When parents are not able to agree on custody or visitation matters, their attorneys can try to negotiate terms that satisfy both parties. If the parents are still unable to come to an agreement, the court will order mediation. The court-
The goal of court-
To learn more about how to handle legal issues involving separation, divorce, and your child, contact The Law Office of Robert M. Baskin at (805) 658-
1. Who decides how much visitation each parent gets?
Ultimately the court has the final say on how much visitation each parent will have, but in a practical sense, it is usually the parent with primary custody that will decide. If the other parent is not happy with the arrangement, they can either work out a better schedule with the parent that has custody, or seek help from the courts. The court option is relatively more time-
2. What is supervised visitation?
Family court judges may impose supervised visitation when a parent wants to get acquainted with their child after a long absence or after never having spent time with them before. They may also require that visits be supervised when there have been allegations of an unsafe situation such as drug/alcohol abuse, mental health issues, child abuse, domestic violence, or concerns about kidnapping.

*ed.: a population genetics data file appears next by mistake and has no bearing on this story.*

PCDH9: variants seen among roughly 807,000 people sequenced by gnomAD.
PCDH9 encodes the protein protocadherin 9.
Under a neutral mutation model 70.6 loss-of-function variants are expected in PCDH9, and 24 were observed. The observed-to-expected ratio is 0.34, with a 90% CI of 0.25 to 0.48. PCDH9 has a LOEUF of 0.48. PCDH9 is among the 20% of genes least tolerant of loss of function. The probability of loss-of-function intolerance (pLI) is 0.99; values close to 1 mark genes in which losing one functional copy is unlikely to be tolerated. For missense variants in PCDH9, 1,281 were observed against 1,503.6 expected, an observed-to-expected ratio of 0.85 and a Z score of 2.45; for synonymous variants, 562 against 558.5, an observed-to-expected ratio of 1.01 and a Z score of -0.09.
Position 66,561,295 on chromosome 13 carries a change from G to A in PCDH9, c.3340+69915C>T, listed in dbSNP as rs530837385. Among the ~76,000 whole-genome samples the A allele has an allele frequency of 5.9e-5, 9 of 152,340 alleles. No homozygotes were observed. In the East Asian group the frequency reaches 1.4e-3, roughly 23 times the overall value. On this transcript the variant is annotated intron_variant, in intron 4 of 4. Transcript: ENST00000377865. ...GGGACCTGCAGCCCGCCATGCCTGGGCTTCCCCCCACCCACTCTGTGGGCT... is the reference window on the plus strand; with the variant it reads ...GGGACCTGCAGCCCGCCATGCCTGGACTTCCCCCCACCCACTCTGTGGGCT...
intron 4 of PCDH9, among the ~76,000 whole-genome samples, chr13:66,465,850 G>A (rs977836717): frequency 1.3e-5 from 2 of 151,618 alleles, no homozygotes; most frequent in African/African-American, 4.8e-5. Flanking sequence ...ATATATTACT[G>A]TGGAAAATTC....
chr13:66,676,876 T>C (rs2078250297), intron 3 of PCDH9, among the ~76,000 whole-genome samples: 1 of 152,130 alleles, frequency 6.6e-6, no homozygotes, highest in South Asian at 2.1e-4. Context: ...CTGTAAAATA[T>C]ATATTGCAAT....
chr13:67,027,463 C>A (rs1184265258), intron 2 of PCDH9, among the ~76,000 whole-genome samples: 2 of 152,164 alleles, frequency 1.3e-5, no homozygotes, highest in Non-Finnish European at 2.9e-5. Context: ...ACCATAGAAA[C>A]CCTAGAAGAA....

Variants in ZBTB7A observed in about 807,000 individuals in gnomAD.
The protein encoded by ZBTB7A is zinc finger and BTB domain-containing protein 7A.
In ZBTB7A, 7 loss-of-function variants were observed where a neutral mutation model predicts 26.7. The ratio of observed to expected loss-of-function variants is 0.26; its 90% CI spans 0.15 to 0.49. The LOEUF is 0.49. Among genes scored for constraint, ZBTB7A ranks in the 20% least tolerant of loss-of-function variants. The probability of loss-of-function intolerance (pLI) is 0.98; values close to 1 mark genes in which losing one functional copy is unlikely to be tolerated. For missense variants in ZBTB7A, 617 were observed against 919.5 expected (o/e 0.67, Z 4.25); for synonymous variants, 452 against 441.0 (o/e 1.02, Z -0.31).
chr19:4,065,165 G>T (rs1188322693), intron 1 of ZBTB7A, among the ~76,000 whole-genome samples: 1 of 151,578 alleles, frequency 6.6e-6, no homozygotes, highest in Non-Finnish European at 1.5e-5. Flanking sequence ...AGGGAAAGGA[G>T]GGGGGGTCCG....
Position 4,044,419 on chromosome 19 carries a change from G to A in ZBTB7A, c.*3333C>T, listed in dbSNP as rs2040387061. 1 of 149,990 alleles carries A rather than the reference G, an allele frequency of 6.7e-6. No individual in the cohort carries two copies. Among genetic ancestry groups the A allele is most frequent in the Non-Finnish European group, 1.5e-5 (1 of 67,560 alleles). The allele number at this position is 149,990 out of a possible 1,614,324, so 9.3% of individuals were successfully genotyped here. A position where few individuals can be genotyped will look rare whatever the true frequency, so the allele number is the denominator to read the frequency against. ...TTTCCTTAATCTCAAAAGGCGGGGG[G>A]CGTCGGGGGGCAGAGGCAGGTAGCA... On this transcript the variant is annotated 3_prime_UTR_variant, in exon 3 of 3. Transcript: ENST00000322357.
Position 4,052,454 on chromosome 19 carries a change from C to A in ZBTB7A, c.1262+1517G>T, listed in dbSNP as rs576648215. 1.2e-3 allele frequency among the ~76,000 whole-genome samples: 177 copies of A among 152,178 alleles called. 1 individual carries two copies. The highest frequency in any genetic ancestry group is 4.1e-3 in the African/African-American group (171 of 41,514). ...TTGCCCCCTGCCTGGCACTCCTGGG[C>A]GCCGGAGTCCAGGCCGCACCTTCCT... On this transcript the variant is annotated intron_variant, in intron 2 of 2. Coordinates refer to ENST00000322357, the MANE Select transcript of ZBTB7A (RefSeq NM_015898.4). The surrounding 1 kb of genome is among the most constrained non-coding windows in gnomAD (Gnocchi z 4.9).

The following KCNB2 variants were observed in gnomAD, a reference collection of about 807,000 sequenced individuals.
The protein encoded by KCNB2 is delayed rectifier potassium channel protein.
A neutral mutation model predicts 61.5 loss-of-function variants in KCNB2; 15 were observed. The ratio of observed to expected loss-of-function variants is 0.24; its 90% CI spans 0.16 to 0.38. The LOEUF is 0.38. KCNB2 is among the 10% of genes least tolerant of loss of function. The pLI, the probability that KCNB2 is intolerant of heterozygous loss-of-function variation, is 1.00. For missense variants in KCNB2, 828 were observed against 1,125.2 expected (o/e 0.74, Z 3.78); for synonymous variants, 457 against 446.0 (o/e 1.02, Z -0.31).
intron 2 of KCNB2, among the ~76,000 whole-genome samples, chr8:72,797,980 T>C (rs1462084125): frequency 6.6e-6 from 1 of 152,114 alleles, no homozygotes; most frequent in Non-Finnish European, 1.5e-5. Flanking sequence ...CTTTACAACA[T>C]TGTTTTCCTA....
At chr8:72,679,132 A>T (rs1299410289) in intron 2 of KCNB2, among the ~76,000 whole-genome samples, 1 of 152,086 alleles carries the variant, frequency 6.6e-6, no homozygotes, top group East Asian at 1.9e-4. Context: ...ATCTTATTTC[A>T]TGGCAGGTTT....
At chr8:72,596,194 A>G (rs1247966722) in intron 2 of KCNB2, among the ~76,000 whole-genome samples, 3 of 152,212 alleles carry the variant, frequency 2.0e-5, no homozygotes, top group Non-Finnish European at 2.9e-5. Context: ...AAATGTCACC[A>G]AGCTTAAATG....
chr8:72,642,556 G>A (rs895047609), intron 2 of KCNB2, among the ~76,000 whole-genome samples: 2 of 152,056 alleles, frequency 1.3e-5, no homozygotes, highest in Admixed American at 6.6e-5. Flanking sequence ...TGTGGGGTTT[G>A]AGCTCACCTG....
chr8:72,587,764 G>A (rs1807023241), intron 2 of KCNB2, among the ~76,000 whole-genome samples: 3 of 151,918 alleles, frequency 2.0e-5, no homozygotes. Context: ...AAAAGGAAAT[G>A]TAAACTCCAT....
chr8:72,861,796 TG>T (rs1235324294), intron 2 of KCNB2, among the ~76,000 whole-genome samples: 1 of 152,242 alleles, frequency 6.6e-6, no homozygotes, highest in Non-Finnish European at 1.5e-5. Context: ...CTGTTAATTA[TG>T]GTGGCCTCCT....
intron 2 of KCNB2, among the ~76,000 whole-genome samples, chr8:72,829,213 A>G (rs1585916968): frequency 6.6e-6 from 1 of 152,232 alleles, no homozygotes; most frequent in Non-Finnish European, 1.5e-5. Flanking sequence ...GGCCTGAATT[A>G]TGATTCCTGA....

Supervised visits are conducted with a neutral third party present to watch, listen, and ensure the child’s safety. This third party (also called the provider) is required to be there for the entire visit, listen to what is said, be attentive to the child’s behavior, report suspected abuse, and end or interrupt the visit if they have any concerns. The provider can be a professional provider with special training and background checks, or it is often acceptable for the provider to be a family member or friend.
3. Does joint custody mean equal parenting time?
If you and your child’s other parent want to share custody, this is called “joint custody” and means that both parents have some custody rights. The details will vary according to each family’s circumstances and agreement, but this does not mean that the child will be spending exactly half of their time with each parent. This would be difficult for most families to achieve. Sometimes, if the child spends more than half of their time with one parent, this parent would be referred to as the “primary custodial parent,” but this is still a joint custody arrangement.
4. How do I get child support orders changed?
If circumstances have changed and you believe that a modification should be made to your child support order, the court may be able to grant what is called a “post-
If both parents are in agreement about a change that they wish to make, the court can be notified so that the new arrangement becomes a part of the court order. If the other parent does not agree to the proposed change, you can ask the court to make the change. Your attorney can help you in both situations.